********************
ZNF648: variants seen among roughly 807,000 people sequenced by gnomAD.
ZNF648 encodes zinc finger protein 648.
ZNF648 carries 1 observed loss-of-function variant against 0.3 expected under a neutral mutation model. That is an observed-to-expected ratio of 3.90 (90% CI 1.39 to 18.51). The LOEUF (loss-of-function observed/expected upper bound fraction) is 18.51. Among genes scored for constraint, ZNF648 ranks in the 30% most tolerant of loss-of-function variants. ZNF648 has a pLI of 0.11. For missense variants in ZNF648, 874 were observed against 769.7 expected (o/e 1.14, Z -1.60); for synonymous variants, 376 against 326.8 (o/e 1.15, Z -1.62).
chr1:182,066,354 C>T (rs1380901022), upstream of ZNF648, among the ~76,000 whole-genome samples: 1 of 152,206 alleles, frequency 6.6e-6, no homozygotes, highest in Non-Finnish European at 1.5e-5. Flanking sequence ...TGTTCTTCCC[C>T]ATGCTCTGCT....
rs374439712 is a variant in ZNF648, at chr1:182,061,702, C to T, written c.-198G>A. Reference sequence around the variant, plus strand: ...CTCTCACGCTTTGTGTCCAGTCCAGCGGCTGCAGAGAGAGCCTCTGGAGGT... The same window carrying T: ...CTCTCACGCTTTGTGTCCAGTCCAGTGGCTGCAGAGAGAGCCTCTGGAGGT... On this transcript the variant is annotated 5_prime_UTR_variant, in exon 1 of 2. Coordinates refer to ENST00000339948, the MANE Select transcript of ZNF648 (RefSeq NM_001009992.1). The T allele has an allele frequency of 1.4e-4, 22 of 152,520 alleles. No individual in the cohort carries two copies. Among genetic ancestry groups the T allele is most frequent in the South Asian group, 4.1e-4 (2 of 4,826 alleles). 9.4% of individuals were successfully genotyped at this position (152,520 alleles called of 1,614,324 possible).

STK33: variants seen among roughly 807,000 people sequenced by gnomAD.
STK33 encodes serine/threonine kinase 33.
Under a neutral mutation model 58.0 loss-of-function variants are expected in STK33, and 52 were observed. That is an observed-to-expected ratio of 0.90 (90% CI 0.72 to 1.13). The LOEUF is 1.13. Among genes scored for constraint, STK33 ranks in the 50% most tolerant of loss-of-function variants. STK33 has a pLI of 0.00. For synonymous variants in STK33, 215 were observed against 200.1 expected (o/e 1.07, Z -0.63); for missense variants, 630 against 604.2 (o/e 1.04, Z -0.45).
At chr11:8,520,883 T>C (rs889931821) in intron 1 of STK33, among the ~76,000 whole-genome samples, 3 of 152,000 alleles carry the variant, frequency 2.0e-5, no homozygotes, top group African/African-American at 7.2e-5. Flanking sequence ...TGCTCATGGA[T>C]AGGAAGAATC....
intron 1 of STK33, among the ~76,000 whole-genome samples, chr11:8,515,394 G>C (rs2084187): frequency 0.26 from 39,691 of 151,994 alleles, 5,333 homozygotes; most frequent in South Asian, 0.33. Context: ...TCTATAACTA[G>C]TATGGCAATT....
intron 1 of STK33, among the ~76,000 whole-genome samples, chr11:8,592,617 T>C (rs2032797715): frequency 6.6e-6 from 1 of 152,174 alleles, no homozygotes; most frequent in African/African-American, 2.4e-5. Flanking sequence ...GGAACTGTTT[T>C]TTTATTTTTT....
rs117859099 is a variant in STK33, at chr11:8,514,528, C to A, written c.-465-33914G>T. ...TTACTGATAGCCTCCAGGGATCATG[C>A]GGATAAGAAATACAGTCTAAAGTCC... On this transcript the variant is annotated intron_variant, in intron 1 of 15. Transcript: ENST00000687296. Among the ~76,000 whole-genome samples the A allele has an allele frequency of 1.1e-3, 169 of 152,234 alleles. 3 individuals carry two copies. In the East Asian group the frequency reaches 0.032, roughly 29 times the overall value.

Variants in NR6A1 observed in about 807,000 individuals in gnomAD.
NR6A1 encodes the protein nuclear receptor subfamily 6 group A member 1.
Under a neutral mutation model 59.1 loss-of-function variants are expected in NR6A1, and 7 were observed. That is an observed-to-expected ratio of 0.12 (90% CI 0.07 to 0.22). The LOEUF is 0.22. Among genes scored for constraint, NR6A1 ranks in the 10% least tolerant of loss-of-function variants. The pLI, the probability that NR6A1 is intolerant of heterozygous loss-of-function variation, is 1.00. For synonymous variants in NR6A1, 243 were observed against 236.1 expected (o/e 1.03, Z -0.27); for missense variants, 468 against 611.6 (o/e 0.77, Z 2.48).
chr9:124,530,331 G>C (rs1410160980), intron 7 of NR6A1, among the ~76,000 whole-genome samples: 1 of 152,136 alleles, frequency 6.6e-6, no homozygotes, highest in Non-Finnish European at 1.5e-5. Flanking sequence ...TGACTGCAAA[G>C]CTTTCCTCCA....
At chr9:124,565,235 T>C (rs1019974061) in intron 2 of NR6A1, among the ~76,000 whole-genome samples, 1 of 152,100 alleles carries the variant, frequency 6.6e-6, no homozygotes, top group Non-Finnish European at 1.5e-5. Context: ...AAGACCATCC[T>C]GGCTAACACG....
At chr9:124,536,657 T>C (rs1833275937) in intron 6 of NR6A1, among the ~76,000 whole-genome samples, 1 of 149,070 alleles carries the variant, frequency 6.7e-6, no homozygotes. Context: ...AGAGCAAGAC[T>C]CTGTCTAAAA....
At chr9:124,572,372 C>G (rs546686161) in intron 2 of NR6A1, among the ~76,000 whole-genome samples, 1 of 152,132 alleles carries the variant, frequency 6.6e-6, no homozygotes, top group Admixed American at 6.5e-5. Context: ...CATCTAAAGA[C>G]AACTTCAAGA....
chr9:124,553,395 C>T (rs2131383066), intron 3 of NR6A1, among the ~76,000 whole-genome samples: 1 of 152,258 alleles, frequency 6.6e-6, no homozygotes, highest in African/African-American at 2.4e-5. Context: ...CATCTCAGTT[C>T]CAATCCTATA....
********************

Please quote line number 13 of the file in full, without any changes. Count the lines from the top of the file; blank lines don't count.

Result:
Variants in NR6A1 observed in about 807,000 individuals in gnomAD.